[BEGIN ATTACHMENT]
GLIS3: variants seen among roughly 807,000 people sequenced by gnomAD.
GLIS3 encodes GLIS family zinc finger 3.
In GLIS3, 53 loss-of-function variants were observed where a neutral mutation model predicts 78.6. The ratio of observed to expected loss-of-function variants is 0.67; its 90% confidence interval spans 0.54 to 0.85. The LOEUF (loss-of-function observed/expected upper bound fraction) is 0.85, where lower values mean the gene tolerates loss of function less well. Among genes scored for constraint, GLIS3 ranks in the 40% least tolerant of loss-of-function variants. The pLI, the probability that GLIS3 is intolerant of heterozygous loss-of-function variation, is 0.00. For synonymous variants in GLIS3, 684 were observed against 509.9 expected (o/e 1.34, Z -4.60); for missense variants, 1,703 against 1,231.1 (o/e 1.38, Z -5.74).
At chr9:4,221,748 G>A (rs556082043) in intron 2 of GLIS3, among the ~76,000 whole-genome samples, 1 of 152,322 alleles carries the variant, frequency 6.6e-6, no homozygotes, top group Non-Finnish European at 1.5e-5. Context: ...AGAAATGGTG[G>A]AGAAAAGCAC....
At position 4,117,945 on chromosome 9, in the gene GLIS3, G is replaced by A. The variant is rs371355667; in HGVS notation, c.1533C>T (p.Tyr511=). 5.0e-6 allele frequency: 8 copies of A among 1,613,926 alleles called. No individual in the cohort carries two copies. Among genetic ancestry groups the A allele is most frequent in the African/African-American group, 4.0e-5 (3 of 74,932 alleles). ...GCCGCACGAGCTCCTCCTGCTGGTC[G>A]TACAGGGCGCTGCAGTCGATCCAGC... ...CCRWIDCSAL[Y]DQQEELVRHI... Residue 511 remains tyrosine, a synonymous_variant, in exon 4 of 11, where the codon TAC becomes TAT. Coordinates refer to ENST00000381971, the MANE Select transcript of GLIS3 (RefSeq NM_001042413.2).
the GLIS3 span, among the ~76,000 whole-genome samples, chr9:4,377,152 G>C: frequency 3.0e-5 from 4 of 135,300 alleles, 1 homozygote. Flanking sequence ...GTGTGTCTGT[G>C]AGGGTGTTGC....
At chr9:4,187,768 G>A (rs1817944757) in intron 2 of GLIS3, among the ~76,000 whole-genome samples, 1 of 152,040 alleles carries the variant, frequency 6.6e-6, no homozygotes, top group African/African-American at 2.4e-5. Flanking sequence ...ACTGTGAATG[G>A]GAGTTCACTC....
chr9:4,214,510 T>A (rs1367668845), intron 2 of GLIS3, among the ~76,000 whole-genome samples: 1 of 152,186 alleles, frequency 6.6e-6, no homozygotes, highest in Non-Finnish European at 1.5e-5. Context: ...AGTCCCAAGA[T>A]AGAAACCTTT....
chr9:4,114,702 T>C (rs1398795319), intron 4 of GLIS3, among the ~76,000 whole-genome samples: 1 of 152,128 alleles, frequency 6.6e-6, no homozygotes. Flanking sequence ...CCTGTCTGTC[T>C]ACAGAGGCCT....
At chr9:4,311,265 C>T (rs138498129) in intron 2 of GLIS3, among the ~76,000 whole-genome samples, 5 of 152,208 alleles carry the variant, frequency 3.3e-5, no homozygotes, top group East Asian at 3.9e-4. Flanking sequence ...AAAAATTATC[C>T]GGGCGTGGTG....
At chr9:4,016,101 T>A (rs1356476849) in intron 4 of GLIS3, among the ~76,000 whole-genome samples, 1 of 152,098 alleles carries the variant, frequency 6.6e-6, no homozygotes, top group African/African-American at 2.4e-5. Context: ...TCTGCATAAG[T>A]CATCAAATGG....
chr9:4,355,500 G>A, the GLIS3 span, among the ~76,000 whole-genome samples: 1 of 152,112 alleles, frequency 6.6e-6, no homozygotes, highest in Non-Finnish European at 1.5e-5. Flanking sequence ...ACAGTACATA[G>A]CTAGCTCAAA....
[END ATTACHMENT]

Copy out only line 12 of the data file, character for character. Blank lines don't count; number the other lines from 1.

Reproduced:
chr9:4,355,500 G>A, the GLIS3 span, among the ~76,000 whole-genome samples: 1 of 152,112 alleles, frequency 6.6e-6, no homozygotes, highest in Non-Finnish European at 1.5e-5. Flanking sequence ...ACAGTACATA[G>A]CTAGCTCAAA....